3) Drop off donations – so you’ve decluttered (great job!) and you have several bags of donations and things you’re ready to let go of. Do not keep these items in your home. Plan to drop off donations or have someone pick the bags up. If you have large items that you would like to donate/dispose of, you can call a paid junk removal service to pick the items up or there are some donation centers that will pick items up.
4) Contact movers and get quotes – about a month before your move (especially if you are moving in the summer which is peak season), contact a couple of movers to get quotes. I recommend getting quotes from the movers that include their packing services vs without. If you have the budget, having the movers pack for you makes the packing process quicker and more efficient. They will bring all the packing materials and label boxes.
5) Logistics – if you live in an apartment building, they may require that the movers submit a COI (Certificate of Insurance). This is very common and can be handled quickly by the movers. Most of my clients in NYC live in apartment buildings with elevators. Once you decide on the movers you are using, it’s time to reserve the elevators. Some buildings have restrictions on the times you can use the elevators and there may be multiple moves happening if you are moving at the end or beginning of the month so make sure and schedule the elevators in advance. Once you’ve reserved the elevators, confirm the exact date with the movers you are working with.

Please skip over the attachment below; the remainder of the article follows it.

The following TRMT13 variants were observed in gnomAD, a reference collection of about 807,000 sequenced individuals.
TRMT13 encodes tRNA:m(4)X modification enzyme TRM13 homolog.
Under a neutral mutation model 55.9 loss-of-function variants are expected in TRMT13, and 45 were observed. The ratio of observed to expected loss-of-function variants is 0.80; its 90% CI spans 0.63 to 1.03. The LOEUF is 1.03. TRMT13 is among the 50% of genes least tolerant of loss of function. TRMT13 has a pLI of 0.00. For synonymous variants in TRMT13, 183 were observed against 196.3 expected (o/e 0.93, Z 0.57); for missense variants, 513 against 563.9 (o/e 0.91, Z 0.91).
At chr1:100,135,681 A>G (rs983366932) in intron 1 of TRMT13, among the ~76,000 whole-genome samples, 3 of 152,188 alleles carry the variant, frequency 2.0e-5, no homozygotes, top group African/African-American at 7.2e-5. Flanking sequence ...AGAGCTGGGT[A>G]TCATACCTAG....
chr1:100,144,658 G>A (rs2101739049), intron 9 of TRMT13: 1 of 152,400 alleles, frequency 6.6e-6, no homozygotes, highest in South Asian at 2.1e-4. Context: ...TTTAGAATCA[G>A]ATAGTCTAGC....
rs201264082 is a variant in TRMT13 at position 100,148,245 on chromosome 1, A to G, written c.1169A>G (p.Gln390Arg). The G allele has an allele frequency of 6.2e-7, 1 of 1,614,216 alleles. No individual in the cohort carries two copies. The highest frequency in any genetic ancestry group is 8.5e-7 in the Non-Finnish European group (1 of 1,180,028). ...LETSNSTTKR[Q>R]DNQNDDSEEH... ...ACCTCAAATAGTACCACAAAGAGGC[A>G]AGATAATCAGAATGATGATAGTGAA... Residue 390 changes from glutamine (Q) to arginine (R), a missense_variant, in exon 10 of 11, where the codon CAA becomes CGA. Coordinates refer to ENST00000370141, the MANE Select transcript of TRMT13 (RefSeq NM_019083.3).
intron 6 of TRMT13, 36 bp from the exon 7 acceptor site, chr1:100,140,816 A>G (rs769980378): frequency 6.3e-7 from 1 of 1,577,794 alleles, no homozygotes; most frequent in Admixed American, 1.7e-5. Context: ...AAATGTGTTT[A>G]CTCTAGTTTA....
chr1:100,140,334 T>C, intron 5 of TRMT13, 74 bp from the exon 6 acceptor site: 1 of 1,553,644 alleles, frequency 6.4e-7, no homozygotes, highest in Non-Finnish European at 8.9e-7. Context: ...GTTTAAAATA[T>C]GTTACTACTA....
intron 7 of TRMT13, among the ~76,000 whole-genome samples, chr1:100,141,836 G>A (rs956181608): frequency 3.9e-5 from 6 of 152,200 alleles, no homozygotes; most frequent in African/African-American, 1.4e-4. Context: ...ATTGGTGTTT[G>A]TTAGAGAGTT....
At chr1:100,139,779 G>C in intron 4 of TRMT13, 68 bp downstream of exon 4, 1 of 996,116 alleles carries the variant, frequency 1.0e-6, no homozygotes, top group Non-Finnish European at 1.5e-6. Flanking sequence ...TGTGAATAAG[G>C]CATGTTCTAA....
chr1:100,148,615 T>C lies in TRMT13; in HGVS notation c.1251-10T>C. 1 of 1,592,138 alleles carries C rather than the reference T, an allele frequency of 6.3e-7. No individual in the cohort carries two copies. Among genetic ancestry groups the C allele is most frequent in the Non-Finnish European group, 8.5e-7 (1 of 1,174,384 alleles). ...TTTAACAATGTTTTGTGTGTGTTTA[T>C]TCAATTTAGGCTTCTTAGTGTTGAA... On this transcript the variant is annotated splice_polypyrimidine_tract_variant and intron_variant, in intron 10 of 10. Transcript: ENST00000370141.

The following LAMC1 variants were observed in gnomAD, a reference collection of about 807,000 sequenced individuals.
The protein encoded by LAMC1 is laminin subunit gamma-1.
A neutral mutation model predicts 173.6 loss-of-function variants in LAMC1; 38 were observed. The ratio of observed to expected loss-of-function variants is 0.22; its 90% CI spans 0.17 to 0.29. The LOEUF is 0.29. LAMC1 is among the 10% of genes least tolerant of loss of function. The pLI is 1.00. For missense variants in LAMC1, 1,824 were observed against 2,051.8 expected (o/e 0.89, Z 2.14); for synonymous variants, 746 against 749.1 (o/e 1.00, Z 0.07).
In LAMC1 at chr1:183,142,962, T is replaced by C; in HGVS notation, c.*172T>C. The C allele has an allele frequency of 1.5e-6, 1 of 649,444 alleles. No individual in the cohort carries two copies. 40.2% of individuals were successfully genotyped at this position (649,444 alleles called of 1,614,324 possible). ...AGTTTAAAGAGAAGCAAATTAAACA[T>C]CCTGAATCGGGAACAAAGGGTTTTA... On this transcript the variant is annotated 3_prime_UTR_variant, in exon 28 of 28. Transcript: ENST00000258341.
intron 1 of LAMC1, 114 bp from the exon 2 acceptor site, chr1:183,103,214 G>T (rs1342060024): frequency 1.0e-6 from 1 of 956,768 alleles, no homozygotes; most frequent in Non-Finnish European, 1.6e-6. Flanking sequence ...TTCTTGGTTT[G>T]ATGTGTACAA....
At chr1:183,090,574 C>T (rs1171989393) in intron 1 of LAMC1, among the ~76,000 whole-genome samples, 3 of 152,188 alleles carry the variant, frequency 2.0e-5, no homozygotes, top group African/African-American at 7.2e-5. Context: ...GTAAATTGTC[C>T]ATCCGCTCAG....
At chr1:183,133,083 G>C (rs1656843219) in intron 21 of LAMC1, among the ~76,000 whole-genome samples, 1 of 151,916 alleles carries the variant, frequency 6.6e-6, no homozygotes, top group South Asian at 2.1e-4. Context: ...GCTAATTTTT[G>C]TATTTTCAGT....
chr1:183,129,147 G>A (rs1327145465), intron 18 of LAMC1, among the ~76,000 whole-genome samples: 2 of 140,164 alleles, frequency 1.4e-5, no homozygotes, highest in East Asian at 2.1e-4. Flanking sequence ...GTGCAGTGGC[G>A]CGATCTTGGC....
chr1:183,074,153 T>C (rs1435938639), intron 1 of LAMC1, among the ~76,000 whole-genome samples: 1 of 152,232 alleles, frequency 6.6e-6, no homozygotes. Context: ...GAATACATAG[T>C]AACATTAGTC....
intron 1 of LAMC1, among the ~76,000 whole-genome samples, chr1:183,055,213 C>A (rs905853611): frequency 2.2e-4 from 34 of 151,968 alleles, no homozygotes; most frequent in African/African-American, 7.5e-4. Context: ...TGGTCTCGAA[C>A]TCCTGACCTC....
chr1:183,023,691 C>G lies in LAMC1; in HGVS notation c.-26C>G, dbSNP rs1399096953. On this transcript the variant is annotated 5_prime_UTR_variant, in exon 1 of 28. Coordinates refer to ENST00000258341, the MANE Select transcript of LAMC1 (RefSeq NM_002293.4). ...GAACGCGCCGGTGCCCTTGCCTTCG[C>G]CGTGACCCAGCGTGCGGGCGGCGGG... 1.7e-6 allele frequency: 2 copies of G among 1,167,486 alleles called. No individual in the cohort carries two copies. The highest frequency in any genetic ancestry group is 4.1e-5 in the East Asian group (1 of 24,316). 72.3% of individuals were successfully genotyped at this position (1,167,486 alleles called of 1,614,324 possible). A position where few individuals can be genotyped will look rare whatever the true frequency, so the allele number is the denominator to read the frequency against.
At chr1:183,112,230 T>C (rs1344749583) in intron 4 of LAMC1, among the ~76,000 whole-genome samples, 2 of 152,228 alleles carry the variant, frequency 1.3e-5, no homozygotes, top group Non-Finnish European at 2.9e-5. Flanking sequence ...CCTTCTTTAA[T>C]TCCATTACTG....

6) Pre-label boxes – some of you may be packing on your own and if this is the case, make sure and label the boxes with the room you would like the box to be dropped off in. It will be easier when the movers unload for the boxes to be in the correct places (you don’t want a situation where you must lift a heavy box!). If you are having the movers pack you, pre-label each room and areas. When will you label an area within a room? An example of this is if in your new home you will have an office (which you didn't have in your previous home). Let’s say you have office supplies currently in your kitchen. You will want those office supplies to go to the office and not the kitchen so label that area “office” instead of kitchen. There are many instances where items from your current apartment will go somewhere else in your new apartment. The more exact you are in labeling the easier it will be when you unpack. You should label your items to match the rooms in your new home. Common labels: living room, primary bedroom, bathroom 1, bathroom 2, kids’ room, playroom, kitchen, linen closet, and entryway.